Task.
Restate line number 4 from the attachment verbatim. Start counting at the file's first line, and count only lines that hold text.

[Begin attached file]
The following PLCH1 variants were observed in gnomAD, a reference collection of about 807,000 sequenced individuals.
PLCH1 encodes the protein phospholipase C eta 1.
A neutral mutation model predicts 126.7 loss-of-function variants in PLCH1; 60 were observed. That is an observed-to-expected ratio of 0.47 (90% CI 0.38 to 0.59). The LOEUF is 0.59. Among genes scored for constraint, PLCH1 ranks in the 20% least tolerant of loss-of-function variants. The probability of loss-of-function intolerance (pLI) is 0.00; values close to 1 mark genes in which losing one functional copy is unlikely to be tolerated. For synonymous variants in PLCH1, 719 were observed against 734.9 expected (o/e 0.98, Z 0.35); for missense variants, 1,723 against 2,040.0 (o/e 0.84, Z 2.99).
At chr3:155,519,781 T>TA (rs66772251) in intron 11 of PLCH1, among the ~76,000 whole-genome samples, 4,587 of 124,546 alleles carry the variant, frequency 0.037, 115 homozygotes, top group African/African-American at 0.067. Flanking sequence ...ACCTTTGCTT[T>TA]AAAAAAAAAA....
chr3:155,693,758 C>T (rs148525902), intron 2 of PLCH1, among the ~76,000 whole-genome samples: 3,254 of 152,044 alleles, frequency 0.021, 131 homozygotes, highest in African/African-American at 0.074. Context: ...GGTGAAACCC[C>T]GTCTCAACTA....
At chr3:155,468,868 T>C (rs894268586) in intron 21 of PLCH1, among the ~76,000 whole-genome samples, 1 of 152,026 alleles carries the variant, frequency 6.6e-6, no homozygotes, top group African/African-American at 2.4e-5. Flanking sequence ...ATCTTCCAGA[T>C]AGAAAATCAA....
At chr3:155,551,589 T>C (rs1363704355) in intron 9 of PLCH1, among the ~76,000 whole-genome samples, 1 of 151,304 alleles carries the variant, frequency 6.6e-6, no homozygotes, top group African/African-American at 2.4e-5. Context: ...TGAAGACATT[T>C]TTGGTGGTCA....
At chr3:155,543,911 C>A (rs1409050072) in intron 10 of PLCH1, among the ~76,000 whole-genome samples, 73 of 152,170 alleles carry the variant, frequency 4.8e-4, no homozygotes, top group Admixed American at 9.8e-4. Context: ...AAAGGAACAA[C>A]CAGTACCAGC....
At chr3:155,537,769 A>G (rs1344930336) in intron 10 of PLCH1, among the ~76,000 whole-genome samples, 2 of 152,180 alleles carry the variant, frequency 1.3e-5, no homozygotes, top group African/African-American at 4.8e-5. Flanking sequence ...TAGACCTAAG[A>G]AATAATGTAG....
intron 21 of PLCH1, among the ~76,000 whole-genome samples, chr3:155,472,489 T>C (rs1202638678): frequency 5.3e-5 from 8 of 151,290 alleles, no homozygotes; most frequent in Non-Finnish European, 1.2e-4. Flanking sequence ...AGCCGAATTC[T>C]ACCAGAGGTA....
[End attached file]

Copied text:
At chr3:155,519,781 T>TA (rs66772251) in intron 11 of PLCH1, among the ~76,000 whole-genome samples, 4,587 of 124,546 alleles carry the variant, frequency 0.037, 115 homozygotes, top group African/African-American at 0.067. Flanking sequence ...ACCTTTGCTT[T>TA]AAAAAAAAAA....